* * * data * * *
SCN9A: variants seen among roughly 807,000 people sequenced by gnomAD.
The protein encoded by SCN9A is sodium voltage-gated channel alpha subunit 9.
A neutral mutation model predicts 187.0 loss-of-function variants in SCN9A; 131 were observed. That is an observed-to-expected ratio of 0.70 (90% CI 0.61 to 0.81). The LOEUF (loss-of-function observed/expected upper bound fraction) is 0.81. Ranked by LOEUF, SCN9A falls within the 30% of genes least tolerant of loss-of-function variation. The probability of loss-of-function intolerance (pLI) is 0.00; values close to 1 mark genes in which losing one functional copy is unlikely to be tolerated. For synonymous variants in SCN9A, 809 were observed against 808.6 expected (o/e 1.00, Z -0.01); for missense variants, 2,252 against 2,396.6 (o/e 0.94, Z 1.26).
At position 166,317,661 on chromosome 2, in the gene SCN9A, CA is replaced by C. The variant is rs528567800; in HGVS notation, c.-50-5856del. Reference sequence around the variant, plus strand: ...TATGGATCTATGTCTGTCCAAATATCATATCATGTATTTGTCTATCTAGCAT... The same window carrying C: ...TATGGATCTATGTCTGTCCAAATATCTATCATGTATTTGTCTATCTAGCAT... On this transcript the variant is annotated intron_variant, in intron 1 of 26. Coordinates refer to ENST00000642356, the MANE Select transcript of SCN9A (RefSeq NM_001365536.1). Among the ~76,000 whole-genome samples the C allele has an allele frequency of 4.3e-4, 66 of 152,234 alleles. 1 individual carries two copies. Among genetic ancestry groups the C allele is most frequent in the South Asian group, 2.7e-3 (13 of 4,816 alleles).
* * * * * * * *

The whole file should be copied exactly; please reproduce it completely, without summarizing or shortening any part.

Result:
SCN9A: variants seen among roughly 807,000 people sequenced by gnomAD.
The protein encoded by SCN9A is sodium voltage-gated channel alpha subunit 9.
A neutral mutation model predicts 187.0 loss-of-function variants in SCN9A; 131 were observed. That is an observed-to-expected ratio of 0.70 (90% CI 0.61 to 0.81). The LOEUF (loss-of-function observed/expected upper bound fraction) is 0.81. Ranked by LOEUF, SCN9A falls within the 30% of genes least tolerant of loss-of-function variation. The probability of loss-of-function intolerance (pLI) is 0.00; values close to 1 mark genes in which losing one functional copy is unlikely to be tolerated. For synonymous variants in SCN9A, 809 were observed against 808.6 expected (o/e 1.00, Z -0.01); for missense variants, 2,252 against 2,396.6 (o/e 0.94, Z 1.26).
At position 166,317,661 on chromosome 2, in the gene SCN9A, CA is replaced by C. The variant is rs528567800; in HGVS notation, c.-50-5856del. Reference sequence around the variant, plus strand: ...TATGGATCTATGTCTGTCCAAATATCATATCATGTATTTGTCTATCTAGCAT... The same window carrying C: ...TATGGATCTATGTCTGTCCAAATATCTATCATGTATTTGTCTATCTAGCAT... On this transcript the variant is annotated intron_variant, in intron 1 of 26. Coordinates refer to ENST00000642356, the MANE Select transcript of SCN9A (RefSeq NM_001365536.1). Among the ~76,000 whole-genome samples the C allele has an allele frequency of 4.3e-4, 66 of 152,234 alleles. 1 individual carries two copies. Among genetic ancestry groups the C allele is most frequent in the South Asian group, 2.7e-3 (13 of 4,816 alleles).